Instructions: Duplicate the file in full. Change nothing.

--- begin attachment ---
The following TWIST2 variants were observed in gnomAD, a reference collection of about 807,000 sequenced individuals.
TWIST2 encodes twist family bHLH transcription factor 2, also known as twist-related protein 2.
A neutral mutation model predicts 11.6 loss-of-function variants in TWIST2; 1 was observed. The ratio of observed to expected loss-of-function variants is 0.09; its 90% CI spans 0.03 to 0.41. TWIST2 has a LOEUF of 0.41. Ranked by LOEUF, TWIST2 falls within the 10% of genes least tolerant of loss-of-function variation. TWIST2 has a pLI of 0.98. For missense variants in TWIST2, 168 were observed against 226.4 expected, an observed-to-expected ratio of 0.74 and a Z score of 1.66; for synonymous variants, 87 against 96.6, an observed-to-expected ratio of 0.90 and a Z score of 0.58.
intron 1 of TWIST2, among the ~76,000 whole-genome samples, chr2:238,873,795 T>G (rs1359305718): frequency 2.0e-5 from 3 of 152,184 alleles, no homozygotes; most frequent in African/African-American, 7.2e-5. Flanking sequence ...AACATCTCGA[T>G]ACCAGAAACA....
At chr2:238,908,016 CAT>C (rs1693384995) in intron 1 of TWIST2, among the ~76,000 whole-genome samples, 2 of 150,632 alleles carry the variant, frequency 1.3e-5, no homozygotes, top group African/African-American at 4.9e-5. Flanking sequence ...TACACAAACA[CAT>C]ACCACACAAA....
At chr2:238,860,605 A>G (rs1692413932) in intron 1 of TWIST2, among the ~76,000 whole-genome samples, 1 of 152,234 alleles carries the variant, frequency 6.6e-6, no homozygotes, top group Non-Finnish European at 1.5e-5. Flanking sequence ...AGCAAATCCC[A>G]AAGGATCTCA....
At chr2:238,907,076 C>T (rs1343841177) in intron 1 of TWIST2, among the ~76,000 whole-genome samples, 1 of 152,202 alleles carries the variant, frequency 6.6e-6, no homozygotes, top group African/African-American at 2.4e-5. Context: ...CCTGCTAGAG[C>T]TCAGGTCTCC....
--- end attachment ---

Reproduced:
The following TWIST2 variants were observed in gnomAD, a reference collection of about 807,000 sequenced individuals.
TWIST2 encodes twist family bHLH transcription factor 2, also known as twist-related protein 2.
A neutral mutation model predicts 11.6 loss-of-function variants in TWIST2; 1 was observed. The ratio of observed to expected loss-of-function variants is 0.09; its 90% CI spans 0.03 to 0.41. TWIST2 has a LOEUF of 0.41. Ranked by LOEUF, TWIST2 falls within the 10% of genes least tolerant of loss-of-function variation. TWIST2 has a pLI of 0.98. For missense variants in TWIST2, 168 were observed against 226.4 expected, an observed-to-expected ratio of 0.74 and a Z score of 1.66; for synonymous variants, 87 against 96.6, an observed-to-expected ratio of 0.90 and a Z score of 0.58.
intron 1 of TWIST2, among the ~76,000 whole-genome samples, chr2:238,873,795 T>G (rs1359305718): frequency 2.0e-5 from 3 of 152,184 alleles, no homozygotes; most frequent in African/African-American, 7.2e-5. Flanking sequence ...AACATCTCGA[T>G]ACCAGAAACA....
At chr2:238,908,016 CAT>C (rs1693384995) in intron 1 of TWIST2, among the ~76,000 whole-genome samples, 2 of 150,632 alleles carry the variant, frequency 1.3e-5, no homozygotes, top group African/African-American at 4.9e-5. Flanking sequence ...TACACAAACA[CAT>C]ACCACACAAA....
At chr2:238,860,605 A>G (rs1692413932) in intron 1 of TWIST2, among the ~76,000 whole-genome samples, 1 of 152,234 alleles carries the variant, frequency 6.6e-6, no homozygotes, top group Non-Finnish European at 1.5e-5. Flanking sequence ...AGCAAATCCC[A>G]AAGGATCTCA....
At chr2:238,907,076 C>T (rs1343841177) in intron 1 of TWIST2, among the ~76,000 whole-genome samples, 1 of 152,202 alleles carries the variant, frequency 6.6e-6, no homozygotes, top group African/African-American at 2.4e-5. Context: ...CCTGCTAGAG[C>T]TCAGGTCTCC....